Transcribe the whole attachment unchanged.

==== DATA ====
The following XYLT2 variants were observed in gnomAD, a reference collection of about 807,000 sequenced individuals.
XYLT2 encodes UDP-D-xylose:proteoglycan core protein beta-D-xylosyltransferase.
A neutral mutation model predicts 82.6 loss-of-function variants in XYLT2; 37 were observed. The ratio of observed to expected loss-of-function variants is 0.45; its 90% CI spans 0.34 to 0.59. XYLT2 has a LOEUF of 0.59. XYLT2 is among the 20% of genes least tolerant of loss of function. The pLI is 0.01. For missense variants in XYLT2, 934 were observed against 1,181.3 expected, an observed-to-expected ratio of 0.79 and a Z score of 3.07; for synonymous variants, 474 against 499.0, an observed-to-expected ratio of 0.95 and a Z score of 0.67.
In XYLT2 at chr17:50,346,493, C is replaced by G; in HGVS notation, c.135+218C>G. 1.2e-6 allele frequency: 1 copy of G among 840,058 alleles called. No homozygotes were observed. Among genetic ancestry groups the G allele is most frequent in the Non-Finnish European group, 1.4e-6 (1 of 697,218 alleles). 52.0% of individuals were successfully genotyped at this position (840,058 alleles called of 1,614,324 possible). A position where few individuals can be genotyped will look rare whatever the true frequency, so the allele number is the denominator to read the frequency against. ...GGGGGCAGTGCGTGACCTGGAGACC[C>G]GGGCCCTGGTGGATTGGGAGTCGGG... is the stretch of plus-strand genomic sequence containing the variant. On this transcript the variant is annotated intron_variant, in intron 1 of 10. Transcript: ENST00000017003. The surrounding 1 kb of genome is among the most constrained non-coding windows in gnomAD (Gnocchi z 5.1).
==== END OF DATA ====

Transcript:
The following XYLT2 variants were observed in gnomAD, a reference collection of about 807,000 sequenced individuals.
XYLT2 encodes UDP-D-xylose:proteoglycan core protein beta-D-xylosyltransferase.
A neutral mutation model predicts 82.6 loss-of-function variants in XYLT2; 37 were observed. The ratio of observed to expected loss-of-function variants is 0.45; its 90% CI spans 0.34 to 0.59. XYLT2 has a LOEUF of 0.59. XYLT2 is among the 20% of genes least tolerant of loss of function. The pLI is 0.01. For missense variants in XYLT2, 934 were observed against 1,181.3 expected, an observed-to-expected ratio of 0.79 and a Z score of 3.07; for synonymous variants, 474 against 499.0, an observed-to-expected ratio of 0.95 and a Z score of 0.67.
In XYLT2 at chr17:50,346,493, C is replaced by G; in HGVS notation, c.135+218C>G. 1.2e-6 allele frequency: 1 copy of G among 840,058 alleles called. No homozygotes were observed. Among genetic ancestry groups the G allele is most frequent in the Non-Finnish European group, 1.4e-6 (1 of 697,218 alleles). 52.0% of individuals were successfully genotyped at this position (840,058 alleles called of 1,614,324 possible). A position where few individuals can be genotyped will look rare whatever the true frequency, so the allele number is the denominator to read the frequency against. ...GGGGGCAGTGCGTGACCTGGAGACC[C>G]GGGCCCTGGTGGATTGGGAGTCGGG... is the stretch of plus-strand genomic sequence containing the variant. On this transcript the variant is annotated intron_variant, in intron 1 of 10. Transcript: ENST00000017003. The surrounding 1 kb of genome is among the most constrained non-coding windows in gnomAD (Gnocchi z 5.1).